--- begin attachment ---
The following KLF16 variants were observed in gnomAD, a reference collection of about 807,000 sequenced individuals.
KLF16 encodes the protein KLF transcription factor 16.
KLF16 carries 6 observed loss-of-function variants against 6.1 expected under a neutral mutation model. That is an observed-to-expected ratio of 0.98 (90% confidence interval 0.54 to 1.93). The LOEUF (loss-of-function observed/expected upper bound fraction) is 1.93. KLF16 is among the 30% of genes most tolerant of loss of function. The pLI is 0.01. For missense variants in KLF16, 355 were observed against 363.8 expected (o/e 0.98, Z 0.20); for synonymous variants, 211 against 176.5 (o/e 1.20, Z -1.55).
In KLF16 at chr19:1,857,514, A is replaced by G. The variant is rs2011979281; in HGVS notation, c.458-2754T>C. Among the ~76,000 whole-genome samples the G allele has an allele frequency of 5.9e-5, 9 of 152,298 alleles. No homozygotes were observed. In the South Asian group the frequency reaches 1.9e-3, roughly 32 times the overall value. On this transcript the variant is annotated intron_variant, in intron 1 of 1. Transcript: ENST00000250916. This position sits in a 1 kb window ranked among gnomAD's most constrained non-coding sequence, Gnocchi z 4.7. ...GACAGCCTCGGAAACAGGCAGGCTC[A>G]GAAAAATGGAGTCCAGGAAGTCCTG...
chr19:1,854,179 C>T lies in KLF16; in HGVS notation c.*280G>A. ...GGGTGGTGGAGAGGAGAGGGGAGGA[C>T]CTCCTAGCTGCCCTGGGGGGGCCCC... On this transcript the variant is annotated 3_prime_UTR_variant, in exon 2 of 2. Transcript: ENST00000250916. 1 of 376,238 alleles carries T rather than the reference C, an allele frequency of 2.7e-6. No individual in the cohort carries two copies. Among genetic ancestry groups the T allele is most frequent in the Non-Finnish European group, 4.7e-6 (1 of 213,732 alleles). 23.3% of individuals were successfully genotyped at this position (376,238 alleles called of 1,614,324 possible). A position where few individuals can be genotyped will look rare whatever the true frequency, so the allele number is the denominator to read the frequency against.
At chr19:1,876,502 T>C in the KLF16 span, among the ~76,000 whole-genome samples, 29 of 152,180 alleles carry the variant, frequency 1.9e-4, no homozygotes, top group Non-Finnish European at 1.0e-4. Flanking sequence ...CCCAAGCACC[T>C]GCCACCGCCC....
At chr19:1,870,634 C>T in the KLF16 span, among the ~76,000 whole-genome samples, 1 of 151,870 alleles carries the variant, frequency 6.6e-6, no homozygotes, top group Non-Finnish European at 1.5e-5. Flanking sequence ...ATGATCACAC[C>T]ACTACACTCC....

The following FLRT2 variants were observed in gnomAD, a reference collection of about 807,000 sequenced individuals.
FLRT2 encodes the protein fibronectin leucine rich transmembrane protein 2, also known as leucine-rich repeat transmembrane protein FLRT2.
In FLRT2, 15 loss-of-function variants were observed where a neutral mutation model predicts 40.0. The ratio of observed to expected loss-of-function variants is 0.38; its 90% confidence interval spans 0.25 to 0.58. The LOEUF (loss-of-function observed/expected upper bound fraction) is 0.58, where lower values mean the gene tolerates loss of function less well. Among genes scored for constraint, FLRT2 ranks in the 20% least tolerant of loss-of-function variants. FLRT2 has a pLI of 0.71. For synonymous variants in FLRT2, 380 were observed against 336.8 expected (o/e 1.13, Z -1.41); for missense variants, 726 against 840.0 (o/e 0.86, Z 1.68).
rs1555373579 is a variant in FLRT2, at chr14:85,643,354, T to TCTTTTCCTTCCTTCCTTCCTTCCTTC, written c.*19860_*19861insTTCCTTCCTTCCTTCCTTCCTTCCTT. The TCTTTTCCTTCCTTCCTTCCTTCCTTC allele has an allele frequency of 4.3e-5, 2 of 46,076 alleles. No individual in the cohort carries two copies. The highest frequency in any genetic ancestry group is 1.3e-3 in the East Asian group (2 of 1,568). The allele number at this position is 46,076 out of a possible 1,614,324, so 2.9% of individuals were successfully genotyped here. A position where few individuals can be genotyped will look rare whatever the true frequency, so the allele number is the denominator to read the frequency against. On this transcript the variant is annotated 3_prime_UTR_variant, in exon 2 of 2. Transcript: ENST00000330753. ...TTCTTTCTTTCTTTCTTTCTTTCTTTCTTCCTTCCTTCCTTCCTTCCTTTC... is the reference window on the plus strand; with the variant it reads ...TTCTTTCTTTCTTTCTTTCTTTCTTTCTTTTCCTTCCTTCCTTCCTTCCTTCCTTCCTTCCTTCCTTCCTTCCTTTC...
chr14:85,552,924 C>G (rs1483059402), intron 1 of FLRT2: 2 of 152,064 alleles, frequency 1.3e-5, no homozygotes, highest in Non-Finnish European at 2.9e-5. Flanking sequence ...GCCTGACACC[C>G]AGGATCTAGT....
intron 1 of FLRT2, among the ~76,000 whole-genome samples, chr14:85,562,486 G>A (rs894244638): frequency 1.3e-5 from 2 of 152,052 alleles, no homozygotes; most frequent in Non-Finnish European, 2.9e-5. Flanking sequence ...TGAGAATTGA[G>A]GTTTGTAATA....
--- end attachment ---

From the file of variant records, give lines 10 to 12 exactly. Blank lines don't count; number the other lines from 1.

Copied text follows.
In FLRT2, 15 loss-of-function variants were observed where a neutral mutation model predicts 40.0. The ratio of observed to expected loss-of-function variants is 0.38; its 90% confidence interval spans 0.25 to 0.58. The LOEUF (loss-of-function observed/expected upper bound fraction) is 0.58, where lower values mean the gene tolerates loss of function less well. Among genes scored for constraint, FLRT2 ranks in the 20% least tolerant of loss-of-function variants. FLRT2 has a pLI of 0.71. For synonymous variants in FLRT2, 380 were observed against 336.8 expected (o/e 1.13, Z -1.41); for missense variants, 726 against 840.0 (o/e 0.86, Z 1.68).
rs1555373579 is a variant in FLRT2, at chr14:85,643,354, T to TCTTTTCCTTCCTTCCTTCCTTCCTTC, written c.*19860_*19861insTTCCTTCCTTCCTTCCTTCCTTCCTT. The TCTTTTCCTTCCTTCCTTCCTTCCTTC allele has an allele frequency of 4.3e-5, 2 of 46,076 alleles. No individual in the cohort carries two copies. The highest frequency in any genetic ancestry group is 1.3e-3 in the East Asian group (2 of 1,568). The allele number at this position is 46,076 out of a possible 1,614,324, so 2.9% of individuals were successfully genotyped here. A position where few individuals can be genotyped will look rare whatever the true frequency, so the allele number is the denominator to read the frequency against. On this transcript the variant is annotated 3_prime_UTR_variant, in exon 2 of 2. Transcript: ENST00000330753. ...TTCTTTCTTTCTTTCTTTCTTTCTTTCTTCCTTCCTTCCTTCCTTCCTTTC... is the reference window on the plus strand; with the variant it reads ...TTCTTTCTTTCTTTCTTTCTTTCTTTCTTTTCCTTCCTTCCTTCCTTCCTTCCTTCCTTCCTTCCTTCCTTCCTTTC...
chr14:85,552,924 C>G (rs1483059402), intron 1 of FLRT2: 2 of 152,064 alleles, frequency 1.3e-5, no homozygotes, highest in Non-Finnish European at 2.9e-5. Flanking sequence ...GCCTGACACC[C>G]AGGATCTAGT....